Colony Collapse Disorder

I took a quick look in both hives 2 and 4 with the camera! Here’s what I found…

There was almost nothing in this hive (hive 4). The queen was gone, and I’d guesstimate there were maybe 20 bees in the entire hive, most of them in the cluster in the picture. They quickly scattered when I opened the hive.

According to Wikipedia, Colony Collapse has three main signs:

  1. Presence of capped brood that was abandoned
  2. Presence of food that is not immediately robbed
  3. Presence of the queen

We know in hive 4 that I saw the queen, because she’s marked, and I saw her on Halloween. There was some brood (all dead) and quite a bit of honey.

Here’s what you get for the capped brood. This was pretty similar to hive 2 as well. If you notice in the center of the picture (zoom in), there is a dead bee halfway through hatching from the cell.

The big difference in brood between 2 and 4 is that 2 had tons of eggs and dead larvae. Hive 4 had only this. Not much else. I did not inspect every frame, but the frames that had brood that I did inspect, looked like this. I should note that this queen is particularly hygienic and that hive 2 is her daughter.

I was expecting to see more bodies, but this is all there was on the bottom of the hive. Just a few body parts resting on the screened board.

So I think it’s safe to say CCD for both Hive 2 and Hive 4 at this point, which I find troubling. Both hives definitely had enough honey and pollen on hand. Both had the strength (especially 2) to survive the winter. So why did they die? Where did they go?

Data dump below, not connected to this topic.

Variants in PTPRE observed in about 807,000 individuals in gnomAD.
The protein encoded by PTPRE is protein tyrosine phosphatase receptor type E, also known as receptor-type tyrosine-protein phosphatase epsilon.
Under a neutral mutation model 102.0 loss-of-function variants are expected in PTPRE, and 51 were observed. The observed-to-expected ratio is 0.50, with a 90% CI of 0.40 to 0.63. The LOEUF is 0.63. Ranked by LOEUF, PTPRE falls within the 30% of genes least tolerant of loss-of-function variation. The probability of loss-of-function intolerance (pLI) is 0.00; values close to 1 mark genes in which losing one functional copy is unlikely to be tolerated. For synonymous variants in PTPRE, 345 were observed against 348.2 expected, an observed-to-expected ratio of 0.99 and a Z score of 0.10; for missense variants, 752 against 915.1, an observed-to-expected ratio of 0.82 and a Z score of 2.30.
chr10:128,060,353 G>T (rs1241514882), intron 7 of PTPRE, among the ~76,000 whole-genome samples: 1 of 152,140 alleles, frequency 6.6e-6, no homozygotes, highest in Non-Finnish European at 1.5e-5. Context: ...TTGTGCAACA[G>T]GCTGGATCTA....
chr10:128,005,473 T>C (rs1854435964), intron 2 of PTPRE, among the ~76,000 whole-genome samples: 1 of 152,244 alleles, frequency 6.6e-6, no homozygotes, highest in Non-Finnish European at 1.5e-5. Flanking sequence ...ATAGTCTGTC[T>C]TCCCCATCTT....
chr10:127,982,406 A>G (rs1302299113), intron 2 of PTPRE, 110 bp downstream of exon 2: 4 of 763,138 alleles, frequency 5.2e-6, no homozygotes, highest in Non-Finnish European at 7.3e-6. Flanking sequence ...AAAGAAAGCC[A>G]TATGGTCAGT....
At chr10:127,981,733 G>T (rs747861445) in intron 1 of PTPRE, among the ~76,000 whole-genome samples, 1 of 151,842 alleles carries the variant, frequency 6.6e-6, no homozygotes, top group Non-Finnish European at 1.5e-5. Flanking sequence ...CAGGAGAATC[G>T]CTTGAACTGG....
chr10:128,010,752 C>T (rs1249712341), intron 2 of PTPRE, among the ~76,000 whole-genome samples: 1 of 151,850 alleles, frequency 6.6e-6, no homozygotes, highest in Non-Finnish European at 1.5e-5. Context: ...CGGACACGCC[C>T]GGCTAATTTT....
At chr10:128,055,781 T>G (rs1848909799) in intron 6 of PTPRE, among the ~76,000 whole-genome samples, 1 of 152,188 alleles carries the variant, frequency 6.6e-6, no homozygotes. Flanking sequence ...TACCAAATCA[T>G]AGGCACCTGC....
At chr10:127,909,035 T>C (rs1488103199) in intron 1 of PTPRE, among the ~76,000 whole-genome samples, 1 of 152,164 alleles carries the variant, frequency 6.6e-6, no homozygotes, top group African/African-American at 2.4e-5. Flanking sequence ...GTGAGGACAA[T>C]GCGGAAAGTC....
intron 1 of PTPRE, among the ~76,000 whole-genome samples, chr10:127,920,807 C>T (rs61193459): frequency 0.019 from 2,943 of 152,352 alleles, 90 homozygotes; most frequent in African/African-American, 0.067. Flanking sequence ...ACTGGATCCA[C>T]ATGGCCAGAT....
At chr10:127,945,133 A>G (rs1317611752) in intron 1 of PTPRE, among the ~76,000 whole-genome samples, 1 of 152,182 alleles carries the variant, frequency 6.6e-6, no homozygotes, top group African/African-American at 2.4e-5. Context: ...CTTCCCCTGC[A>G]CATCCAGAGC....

And a question for others, but is it safe to harvest the remaining stores and wax in these hives? I don’t know that I’ve ever seen anything on that….

Sigh…

But so that I don’t end this on such a depressing topic, here’s some pictures of our honey harvest this year!

This is a big scoop off the top of a 5-gallon bucket!

Here’s the majority of our haul this year with one last frame that I gave back to the bees instead of harvesting. Missing from this picture is 8 quart jars of honey and 10 of the 10-oz. jars that I took to work. The glass jars are full pint jars mixed in with a few half-pints.

And here’s a shot of the bees cleaning the wax. I had two pans this size filled to the top with wax.

And with this I think we can call it a wrap on beekeeping 2012. At least as far as the actually working with the hives goes. I may harvest 2 and 4 just to start from scratch next year, but… we’ll see.

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3 Responses to Colony Collapse Disorder

  1. Emily Heath says:

    Very sad indeed. If only we knew more about how CCD works. For some reason it doesn’t really occur in the UK and isn’t officially recognised as a problem here.

    You shouldn’t feed the honey from these hives to other bees, but I’m not sure on opinions about whether it’s safe for humans. Your honey harvest looks beautiful.

  2. It’s really sad! In Switzerland we lost 30-50% last year (CCD as well!).
    I’m a beekeeper as well and we had some lost as well during autumn 2011, but we were still lucky comparing to others! This years it seems to be better.
    Last Sunday we saw the famous movie “More than honey”. You can find in my blog informations about this and the trail link: http://artandkitchen.wordpress.com/2012/10/31/more-than-honey/
    In Switzerland antibiotics and acaricides are forbidden for beekeeping. Against varroa we use only formic and oxalic acid as well as essetial oils.

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